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March 22, 2017

New Book: Born Anxious by Dan Keating

By: Population, Neurodevelopment and Genetics ProgramBook cover for Born Anxious

Why are disadvantaged children and adults disproportionately likely to experience attention disorders, chronic stress, and health problems? For more than a century, the nature/nurture debate has found unsatisfactory explanations, often casting blame on more vulnerable populations. Dan Keating's book Born Anxious shows promising new research that transcends the nature/nurture stalemate and contains implications for many of us. It turns out that significant stress, particularly early on, can change a genetic process called 'stress methylation,' affecting us for life. Nurturing seems to be able to ameliorate or reverse this process. Anyone exposed to substantial prenatal or early childhood stress, without comfort, is at risk. Future generations may also be at risk: while this epigenetic change is not tied directly to DNA, it can be passed on in utero.

Keating and colleagues at the Human Development Program (HDP) at the Canadian Institute for Advanced Research used longitudinal data from the 1958 UK Birth Cohort to document that socioeconomic circumstances at birth have an impact throughout life, with sweeping consequences like academic problems at age 11 and health problems at age 30. They also found a 'gradient effect,' meaning that the outcomes became worse at each step down the socioeconomic scale. Still, socioeconomics were a stand-in for what was really causing the debilitating changes.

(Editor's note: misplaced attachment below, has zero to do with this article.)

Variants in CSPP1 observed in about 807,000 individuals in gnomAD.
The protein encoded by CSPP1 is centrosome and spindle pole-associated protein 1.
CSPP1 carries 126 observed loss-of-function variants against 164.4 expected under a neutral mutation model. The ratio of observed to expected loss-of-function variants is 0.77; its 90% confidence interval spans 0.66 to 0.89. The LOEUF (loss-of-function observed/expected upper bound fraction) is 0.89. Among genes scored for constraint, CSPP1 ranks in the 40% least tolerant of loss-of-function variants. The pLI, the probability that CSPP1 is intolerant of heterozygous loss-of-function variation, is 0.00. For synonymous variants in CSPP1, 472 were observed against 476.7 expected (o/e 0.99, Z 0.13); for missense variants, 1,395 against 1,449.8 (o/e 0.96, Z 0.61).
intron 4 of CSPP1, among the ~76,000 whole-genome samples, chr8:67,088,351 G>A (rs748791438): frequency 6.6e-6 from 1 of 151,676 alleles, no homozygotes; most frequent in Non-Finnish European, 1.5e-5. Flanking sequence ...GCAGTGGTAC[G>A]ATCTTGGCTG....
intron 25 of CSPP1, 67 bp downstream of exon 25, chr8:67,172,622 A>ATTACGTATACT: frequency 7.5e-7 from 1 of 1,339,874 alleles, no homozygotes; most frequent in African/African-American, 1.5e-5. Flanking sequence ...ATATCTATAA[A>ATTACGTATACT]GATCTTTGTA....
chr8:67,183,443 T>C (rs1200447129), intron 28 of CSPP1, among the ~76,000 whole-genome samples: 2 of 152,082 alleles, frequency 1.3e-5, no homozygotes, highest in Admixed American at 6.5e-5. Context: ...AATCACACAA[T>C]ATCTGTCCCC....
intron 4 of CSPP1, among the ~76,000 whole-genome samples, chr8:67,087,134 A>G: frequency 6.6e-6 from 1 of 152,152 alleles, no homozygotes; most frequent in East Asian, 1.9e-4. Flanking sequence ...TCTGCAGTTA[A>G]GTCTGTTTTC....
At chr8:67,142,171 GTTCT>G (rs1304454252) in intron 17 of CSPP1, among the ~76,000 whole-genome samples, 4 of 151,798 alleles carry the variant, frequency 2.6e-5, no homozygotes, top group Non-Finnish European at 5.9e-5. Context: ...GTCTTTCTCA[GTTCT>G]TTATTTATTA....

Animal studies showed the HDP team that a key factor was stress. Peer-raised monkeys, without parental nurturing, had an amped-up stress response, provoked quickly and slow to fade. A study of children from destitute Romanian orphanages showed that those who were not adopted into nurturing homes suffered as the deprived monkeys had, with a host of difficulties from stress to trouble forming relationships.

The missing piece was introduced by Michael Meaney in his work on epigenetics, the study of changes in gene expression rather than DNA itself. In stress methylation, the gene whose job it is to chill and shut off cortisol is silenced. Through stress methylation, in-utero and early-life stress can cause a permanent epigenetic change telling the newborn, child, teen, and then adult that it's a dangerous world out there and you better live hard. Keeping the stress system on high alert leads to numerous problems in health and development throughout the life course, and is associated with early mortality.

Keating is now part of the SRC's Population, Neurodevelopment and Genetics Program where he and colleagues study the many ramifications of and questions raised by these discoveries. His new book explains the current science on epigenetic stress changes, how they affect us as we age, how we may be able to heal, and what the implications are for our stress-permeated culture and future generations.

Daniel P. Keating. (2017). Born anxious: The lifelong impact of early life adversity and how to break the cycle. St. Martin's Press.